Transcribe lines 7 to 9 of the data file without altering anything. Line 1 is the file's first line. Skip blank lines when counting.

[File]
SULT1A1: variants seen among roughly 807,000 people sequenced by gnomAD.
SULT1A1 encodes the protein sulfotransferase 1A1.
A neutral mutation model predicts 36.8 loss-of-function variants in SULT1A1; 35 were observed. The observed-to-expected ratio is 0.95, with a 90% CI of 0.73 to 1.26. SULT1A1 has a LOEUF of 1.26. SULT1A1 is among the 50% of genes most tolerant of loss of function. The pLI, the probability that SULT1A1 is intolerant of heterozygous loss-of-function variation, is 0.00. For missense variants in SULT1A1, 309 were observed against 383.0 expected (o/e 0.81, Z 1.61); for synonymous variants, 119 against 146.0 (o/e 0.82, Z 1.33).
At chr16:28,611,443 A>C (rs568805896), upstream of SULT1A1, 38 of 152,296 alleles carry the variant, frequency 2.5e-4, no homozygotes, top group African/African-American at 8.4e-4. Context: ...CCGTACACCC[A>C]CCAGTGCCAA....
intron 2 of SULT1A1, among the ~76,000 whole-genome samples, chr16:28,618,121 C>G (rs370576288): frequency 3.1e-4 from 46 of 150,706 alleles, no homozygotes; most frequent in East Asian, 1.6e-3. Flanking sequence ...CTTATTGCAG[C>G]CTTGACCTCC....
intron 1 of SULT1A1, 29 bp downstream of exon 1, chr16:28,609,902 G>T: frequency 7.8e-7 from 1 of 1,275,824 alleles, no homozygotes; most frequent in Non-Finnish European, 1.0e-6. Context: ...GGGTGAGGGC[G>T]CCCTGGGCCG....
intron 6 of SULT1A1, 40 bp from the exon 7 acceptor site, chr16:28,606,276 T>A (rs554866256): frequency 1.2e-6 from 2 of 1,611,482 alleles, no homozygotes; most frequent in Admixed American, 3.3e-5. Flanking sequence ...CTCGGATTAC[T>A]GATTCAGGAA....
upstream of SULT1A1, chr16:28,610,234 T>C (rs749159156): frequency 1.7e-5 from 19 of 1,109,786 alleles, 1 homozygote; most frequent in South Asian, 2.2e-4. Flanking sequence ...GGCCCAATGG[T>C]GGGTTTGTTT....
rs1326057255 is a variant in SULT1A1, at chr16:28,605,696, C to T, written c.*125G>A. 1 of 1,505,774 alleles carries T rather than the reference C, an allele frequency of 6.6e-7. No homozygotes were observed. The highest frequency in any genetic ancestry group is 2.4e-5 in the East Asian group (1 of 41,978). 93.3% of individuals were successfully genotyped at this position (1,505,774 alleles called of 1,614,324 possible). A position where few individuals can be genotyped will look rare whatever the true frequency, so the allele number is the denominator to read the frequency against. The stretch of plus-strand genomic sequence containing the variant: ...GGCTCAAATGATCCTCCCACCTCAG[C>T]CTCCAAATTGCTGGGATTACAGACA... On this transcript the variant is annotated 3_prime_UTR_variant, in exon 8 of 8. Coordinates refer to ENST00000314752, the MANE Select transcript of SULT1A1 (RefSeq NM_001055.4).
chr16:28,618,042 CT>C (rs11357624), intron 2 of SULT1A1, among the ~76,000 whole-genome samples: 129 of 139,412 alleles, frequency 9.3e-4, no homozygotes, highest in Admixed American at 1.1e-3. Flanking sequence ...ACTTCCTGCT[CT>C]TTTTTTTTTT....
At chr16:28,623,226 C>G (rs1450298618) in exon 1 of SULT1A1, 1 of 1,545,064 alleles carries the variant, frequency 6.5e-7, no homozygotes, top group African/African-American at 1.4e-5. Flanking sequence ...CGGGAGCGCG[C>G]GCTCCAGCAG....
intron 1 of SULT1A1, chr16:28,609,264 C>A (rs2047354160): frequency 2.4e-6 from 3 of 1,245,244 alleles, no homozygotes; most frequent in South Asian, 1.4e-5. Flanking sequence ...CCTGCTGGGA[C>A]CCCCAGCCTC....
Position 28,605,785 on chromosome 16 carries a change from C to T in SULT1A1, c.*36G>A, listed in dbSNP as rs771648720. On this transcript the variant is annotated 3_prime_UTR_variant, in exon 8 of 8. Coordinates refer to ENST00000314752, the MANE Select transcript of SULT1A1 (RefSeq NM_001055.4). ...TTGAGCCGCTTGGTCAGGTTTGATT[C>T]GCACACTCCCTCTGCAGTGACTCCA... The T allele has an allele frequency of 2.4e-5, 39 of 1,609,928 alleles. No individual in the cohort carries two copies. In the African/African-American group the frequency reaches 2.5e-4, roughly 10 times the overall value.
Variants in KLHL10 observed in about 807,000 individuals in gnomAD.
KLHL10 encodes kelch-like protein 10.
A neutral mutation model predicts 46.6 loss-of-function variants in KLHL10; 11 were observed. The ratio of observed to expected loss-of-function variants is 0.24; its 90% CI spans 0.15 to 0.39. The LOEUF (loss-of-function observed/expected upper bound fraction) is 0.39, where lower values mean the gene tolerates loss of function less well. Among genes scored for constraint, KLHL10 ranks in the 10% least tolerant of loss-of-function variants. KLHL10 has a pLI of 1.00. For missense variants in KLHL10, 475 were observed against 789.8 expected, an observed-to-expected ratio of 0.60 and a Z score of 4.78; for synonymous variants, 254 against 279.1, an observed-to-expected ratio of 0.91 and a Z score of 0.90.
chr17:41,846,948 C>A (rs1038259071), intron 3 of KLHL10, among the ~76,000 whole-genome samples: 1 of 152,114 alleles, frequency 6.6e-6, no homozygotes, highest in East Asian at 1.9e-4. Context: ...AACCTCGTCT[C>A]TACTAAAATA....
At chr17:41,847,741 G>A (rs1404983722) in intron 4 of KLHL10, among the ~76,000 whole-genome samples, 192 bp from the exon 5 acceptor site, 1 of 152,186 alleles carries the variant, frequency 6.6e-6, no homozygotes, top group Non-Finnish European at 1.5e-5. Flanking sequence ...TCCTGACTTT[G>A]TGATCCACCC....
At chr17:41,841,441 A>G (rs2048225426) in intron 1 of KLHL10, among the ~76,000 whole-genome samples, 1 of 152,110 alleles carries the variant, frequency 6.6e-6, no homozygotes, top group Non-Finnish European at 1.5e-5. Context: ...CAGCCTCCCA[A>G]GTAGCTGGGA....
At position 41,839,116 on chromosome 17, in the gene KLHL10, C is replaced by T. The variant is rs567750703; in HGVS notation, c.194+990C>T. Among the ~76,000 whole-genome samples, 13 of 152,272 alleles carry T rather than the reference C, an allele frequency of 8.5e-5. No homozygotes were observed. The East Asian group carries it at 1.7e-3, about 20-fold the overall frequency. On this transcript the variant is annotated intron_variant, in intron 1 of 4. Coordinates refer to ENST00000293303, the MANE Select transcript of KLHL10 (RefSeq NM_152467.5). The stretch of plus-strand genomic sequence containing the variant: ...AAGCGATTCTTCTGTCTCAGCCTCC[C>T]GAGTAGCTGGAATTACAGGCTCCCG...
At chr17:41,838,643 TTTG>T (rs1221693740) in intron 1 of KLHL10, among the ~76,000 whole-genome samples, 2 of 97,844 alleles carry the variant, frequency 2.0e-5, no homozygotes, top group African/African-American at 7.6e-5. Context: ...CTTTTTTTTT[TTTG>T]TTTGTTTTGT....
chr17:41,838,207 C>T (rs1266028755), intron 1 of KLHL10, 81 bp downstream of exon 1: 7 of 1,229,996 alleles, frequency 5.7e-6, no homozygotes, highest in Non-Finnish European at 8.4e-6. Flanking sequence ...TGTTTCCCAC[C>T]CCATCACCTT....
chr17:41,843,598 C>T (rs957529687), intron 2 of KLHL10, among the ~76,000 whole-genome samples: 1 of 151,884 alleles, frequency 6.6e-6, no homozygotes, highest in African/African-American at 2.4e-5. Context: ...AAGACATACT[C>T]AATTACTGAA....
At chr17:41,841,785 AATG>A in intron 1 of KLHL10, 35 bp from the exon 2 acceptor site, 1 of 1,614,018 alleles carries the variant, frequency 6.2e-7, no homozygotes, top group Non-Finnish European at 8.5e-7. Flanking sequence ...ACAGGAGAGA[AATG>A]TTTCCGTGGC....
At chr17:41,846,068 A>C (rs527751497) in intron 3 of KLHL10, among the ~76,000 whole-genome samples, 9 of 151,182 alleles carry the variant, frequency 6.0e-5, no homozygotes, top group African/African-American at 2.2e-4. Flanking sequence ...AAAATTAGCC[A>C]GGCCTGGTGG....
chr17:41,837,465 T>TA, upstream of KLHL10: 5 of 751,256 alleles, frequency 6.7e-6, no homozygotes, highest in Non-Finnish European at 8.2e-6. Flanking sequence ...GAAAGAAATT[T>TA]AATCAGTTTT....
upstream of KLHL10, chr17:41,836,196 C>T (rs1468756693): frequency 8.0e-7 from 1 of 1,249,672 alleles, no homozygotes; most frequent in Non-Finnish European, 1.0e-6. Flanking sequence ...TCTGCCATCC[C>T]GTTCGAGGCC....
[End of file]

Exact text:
intron 6 of SULT1A1, 40 bp from the exon 7 acceptor site, chr16:28,606,276 T>A (rs554866256): frequency 1.2e-6 from 2 of 1,611,482 alleles, no homozygotes; most frequent in Admixed American, 3.3e-5. Flanking sequence ...CTCGGATTAC[T>A]GATTCAGGAA....
upstream of SULT1A1, chr16:28,610,234 T>C (rs749159156): frequency 1.7e-5 from 19 of 1,109,786 alleles, 1 homozygote; most frequent in South Asian, 2.2e-4. Flanking sequence ...GGCCCAATGG[T>C]GGGTTTGTTT....
rs1326057255 is a variant in SULT1A1, at chr16:28,605,696, C to T, written c.*125G>A. 1 of 1,505,774 alleles carries T rather than the reference C, an allele frequency of 6.6e-7. No homozygotes were observed. The highest frequency in any genetic ancestry group is 2.4e-5 in the East Asian group (1 of 41,978). 93.3% of individuals were successfully genotyped at this position (1,505,774 alleles called of 1,614,324 possible). A position where few individuals can be genotyped will look rare whatever the true frequency, so the allele number is the denominator to read the frequency against. The stretch of plus-strand genomic sequence containing the variant: ...GGCTCAAATGATCCTCCCACCTCAG[C>T]CTCCAAATTGCTGGGATTACAGACA... On this transcript the variant is annotated 3_prime_UTR_variant, in exon 8 of 8. Coordinates refer to ENST00000314752, the MANE Select transcript of SULT1A1 (RefSeq NM_001055.4).